Raiders denied LA relocation


Raiders denied LA relocation

HOUSTON – The Rams are headed for Los Angeles. The Chargers have been approved to go there, if they can finalize a deal to do so.

The Raiders are headed back home. Maybe. For a little while at least.

A league source confirmed to that the Raiders bowed out of their LA relocation. That helped establish a resolution the NFL could get behind, one that owners approved with a 30-2 vote. The Rams will play in the L.A. Coliseum starting next year, before moving to a new Inglewood stadium. The Chargers can join them now, but have up to a year, maybe more, to do so. The Raiders can exercise an option to relocate if the Chargers don't exercise their option.

You lost yet? It's a little complicated, but the bottom line is this: The Raiders won't move to L.A. right away after a dramatic owners meetings slated for two days but finished in one.

The Rams entered these meetings promoting a $1.86-billion Inglewood project, while the Raiders and Chargers promoted a $1.7-billion stadium proposal in Carson.

The league approved a separate option, putting the Rams and Chargers in the Inglewood proposal. With some tinkering.

The Raiders will be compensated for being left out of Los Angeles, though their bounty wasn’t as fruitful as expected. They will get an additional $100 million for stadium construction only if they find a solution in their home market. The Raiders will continue to look for a long-term stadium solution that can generate steady corporate revenue streams.

That could be in Oakland. It could legitimately be in another market.

The league’s decision came on the second formal vote.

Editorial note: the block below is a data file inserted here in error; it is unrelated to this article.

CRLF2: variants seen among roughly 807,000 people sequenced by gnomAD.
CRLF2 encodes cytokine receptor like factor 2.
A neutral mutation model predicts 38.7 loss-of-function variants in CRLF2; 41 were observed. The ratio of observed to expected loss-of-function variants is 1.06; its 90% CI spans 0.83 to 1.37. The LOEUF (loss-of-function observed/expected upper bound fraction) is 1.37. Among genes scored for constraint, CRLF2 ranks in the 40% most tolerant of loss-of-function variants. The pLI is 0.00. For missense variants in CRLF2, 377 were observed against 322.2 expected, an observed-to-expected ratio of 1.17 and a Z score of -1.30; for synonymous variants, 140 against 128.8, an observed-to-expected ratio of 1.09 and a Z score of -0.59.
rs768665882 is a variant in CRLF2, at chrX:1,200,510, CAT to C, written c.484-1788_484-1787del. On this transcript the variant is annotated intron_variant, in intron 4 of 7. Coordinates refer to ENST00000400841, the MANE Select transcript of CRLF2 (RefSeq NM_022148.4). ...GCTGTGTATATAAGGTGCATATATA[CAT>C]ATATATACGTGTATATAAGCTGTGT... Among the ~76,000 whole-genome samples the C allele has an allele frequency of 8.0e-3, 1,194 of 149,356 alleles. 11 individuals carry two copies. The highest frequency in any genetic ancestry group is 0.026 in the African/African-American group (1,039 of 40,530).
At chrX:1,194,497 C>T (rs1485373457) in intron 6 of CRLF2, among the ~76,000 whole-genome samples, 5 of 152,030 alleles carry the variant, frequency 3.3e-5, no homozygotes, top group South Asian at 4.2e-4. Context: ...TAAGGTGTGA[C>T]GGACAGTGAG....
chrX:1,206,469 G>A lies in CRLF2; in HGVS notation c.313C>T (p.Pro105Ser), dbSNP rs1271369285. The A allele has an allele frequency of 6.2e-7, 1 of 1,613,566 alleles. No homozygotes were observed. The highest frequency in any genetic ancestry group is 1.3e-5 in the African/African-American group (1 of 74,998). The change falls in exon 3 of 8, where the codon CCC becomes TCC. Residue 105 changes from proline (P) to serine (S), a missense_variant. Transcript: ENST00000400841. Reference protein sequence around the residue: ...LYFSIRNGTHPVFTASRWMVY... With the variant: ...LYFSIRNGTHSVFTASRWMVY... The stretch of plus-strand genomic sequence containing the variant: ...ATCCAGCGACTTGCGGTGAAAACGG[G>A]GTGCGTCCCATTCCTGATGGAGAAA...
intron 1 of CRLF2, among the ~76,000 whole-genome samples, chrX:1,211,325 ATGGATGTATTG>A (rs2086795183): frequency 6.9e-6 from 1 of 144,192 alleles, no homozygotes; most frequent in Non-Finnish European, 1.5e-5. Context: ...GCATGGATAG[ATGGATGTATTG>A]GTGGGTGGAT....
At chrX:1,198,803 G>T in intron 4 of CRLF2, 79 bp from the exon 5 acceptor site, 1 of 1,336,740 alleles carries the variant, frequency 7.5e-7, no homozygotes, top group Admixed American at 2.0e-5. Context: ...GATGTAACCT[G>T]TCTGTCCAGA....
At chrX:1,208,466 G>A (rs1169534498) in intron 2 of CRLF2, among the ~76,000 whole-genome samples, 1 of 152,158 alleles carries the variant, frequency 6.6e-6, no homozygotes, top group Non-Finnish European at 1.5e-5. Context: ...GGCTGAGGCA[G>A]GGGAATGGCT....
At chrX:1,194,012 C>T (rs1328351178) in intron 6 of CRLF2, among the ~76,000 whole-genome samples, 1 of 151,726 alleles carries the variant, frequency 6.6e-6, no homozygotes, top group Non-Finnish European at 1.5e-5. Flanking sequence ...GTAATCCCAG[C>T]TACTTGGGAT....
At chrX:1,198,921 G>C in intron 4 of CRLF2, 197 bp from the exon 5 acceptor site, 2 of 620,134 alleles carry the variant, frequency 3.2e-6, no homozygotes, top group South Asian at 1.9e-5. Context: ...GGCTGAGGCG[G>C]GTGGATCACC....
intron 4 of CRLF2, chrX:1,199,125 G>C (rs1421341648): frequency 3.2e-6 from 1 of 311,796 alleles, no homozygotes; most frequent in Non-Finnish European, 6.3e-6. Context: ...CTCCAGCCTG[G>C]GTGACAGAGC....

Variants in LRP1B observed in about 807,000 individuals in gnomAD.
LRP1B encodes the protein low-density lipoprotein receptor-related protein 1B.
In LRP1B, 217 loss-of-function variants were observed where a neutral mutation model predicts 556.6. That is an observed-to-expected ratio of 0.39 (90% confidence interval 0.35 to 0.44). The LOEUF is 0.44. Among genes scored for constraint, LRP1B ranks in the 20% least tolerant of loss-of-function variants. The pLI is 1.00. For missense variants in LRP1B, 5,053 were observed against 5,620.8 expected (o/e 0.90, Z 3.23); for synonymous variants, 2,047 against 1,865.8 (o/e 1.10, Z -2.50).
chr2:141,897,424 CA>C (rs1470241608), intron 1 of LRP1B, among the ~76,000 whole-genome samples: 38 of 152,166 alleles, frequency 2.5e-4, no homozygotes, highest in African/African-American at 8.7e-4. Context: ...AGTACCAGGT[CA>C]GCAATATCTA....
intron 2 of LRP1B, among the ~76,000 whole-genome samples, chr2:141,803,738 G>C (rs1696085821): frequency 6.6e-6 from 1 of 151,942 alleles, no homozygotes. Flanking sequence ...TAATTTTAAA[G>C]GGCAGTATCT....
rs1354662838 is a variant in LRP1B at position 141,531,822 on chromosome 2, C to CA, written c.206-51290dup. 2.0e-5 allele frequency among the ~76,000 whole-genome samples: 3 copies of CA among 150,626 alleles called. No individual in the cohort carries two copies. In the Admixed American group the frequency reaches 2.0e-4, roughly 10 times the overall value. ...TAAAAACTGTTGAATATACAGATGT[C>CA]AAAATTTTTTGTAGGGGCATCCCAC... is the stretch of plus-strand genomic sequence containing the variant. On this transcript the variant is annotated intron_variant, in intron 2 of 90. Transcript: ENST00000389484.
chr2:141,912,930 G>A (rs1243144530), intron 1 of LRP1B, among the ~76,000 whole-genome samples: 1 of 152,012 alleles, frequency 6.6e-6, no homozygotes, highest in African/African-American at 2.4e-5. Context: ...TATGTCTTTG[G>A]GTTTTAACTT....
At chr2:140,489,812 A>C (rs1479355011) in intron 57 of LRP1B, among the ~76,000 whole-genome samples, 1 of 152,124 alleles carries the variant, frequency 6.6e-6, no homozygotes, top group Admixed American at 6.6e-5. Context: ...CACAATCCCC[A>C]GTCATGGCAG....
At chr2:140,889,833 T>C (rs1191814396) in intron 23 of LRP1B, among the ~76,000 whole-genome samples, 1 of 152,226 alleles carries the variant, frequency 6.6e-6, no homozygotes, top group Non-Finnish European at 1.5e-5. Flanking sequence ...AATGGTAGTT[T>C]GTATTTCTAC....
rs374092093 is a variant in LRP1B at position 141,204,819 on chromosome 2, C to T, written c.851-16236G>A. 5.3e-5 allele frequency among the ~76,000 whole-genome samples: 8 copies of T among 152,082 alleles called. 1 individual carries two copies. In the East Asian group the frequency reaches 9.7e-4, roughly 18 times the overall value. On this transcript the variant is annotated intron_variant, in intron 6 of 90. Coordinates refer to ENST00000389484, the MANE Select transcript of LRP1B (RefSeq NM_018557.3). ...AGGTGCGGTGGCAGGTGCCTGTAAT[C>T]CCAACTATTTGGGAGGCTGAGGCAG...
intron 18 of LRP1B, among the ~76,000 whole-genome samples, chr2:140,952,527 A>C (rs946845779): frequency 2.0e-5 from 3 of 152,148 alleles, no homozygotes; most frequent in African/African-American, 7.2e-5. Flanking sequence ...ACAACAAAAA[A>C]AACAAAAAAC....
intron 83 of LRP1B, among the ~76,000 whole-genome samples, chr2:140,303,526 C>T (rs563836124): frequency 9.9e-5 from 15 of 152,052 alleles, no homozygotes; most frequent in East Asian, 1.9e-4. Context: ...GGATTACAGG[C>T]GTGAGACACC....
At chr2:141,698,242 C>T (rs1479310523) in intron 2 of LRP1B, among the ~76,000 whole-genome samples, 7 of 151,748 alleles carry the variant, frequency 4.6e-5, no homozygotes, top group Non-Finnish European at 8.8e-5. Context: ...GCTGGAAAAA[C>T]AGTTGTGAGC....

The NFL whittled three proposals down to two prior to the first vote, as a league source confirmed that the Rams’ proposal to play in the Inglewood stadium they’ve created alone was taken off the ballot early Tuesday afternoon.

League owners conducted an initial vote after that decision and neither proposal received the 24 votes required for approval. The Rams' Inglewood option received more votes than the Carson plan. That result came despite the fact that the NFL’s committee on L.A. opportunities recommended the Raiders-Chargers project in Carson.

Owners then broke for further discussion in hopes of reaching an accord. The league’s L.A. committee met with Spanos and Davis privately, as they discussed a way to break up the Carson coalition.

That formally happened on Tuesday night.

Disney CEO and Carson stadium chairman Bob Iger gave a presentation on Tuesday morning that sources say impressed owners in the room. Rams owner Stan Kroenke led off Tuesday’s meeting touting his project and its merits, which proved to be the preferred site.

The Chargers had been quietly working on the Carson project for a while, and found a partner in the Raiders in early 2015. Chargers owner Dean Spanos and Raiders owner formed a strong bond over the last year, and Spanos didn’t want to let his partner go without making sure Davis found an agreeable settlement.